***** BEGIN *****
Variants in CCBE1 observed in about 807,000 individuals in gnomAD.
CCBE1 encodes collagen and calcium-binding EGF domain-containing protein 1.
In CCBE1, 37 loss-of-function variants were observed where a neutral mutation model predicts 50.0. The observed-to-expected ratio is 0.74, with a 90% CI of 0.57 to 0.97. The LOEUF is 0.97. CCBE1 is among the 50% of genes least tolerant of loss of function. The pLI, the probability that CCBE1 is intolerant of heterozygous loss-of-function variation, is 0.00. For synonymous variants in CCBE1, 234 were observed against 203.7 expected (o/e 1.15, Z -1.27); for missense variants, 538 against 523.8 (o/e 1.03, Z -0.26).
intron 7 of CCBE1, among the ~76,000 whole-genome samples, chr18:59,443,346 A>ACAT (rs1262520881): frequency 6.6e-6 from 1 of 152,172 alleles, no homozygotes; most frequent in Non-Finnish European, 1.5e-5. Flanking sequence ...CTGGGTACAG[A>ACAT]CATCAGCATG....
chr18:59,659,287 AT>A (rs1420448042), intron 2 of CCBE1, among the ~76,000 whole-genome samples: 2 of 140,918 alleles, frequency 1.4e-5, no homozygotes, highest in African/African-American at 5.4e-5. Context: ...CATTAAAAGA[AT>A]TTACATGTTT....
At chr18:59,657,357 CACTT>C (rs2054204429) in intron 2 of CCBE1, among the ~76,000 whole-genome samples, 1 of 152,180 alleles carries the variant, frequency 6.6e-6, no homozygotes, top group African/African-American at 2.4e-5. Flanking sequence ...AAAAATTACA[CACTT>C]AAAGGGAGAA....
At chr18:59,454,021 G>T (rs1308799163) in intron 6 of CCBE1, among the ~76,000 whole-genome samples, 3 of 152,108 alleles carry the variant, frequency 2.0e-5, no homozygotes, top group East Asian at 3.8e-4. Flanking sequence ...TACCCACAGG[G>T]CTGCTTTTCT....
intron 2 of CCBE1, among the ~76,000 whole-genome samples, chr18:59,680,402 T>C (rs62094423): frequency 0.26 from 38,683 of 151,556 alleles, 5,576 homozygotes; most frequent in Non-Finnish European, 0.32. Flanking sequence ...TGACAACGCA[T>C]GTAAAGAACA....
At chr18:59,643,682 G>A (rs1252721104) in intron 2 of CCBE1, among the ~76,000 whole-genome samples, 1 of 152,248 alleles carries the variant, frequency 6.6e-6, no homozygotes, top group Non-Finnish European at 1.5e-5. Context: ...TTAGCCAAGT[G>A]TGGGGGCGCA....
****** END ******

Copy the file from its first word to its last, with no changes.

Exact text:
Variants in CCBE1 observed in about 807,000 individuals in gnomAD.
CCBE1 encodes collagen and calcium-binding EGF domain-containing protein 1.
In CCBE1, 37 loss-of-function variants were observed where a neutral mutation model predicts 50.0. The observed-to-expected ratio is 0.74, with a 90% CI of 0.57 to 0.97. The LOEUF is 0.97. CCBE1 is among the 50% of genes least tolerant of loss of function. The pLI, the probability that CCBE1 is intolerant of heterozygous loss-of-function variation, is 0.00. For synonymous variants in CCBE1, 234 were observed against 203.7 expected (o/e 1.15, Z -1.27); for missense variants, 538 against 523.8 (o/e 1.03, Z -0.26).
intron 7 of CCBE1, among the ~76,000 whole-genome samples, chr18:59,443,346 A>ACAT (rs1262520881): frequency 6.6e-6 from 1 of 152,172 alleles, no homozygotes; most frequent in Non-Finnish European, 1.5e-5. Flanking sequence ...CTGGGTACAG[A>ACAT]CATCAGCATG....
chr18:59,659,287 AT>A (rs1420448042), intron 2 of CCBE1, among the ~76,000 whole-genome samples: 2 of 140,918 alleles, frequency 1.4e-5, no homozygotes, highest in African/African-American at 5.4e-5. Context: ...CATTAAAAGA[AT>A]TTACATGTTT....
At chr18:59,657,357 CACTT>C (rs2054204429) in intron 2 of CCBE1, among the ~76,000 whole-genome samples, 1 of 152,180 alleles carries the variant, frequency 6.6e-6, no homozygotes, top group African/African-American at 2.4e-5. Flanking sequence ...AAAAATTACA[CACTT>C]AAAGGGAGAA....
At chr18:59,454,021 G>T (rs1308799163) in intron 6 of CCBE1, among the ~76,000 whole-genome samples, 3 of 152,108 alleles carry the variant, frequency 2.0e-5, no homozygotes, top group East Asian at 3.8e-4. Flanking sequence ...TACCCACAGG[G>T]CTGCTTTTCT....
intron 2 of CCBE1, among the ~76,000 whole-genome samples, chr18:59,680,402 T>C (rs62094423): frequency 0.26 from 38,683 of 151,556 alleles, 5,576 homozygotes; most frequent in Non-Finnish European, 0.32. Flanking sequence ...TGACAACGCA[T>C]GTAAAGAACA....
At chr18:59,643,682 G>A (rs1252721104) in intron 2 of CCBE1, among the ~76,000 whole-genome samples, 1 of 152,248 alleles carries the variant, frequency 6.6e-6, no homozygotes, top group Non-Finnish European at 1.5e-5. Context: ...TTAGCCAAGT[G>A]TGGGGGCGCA....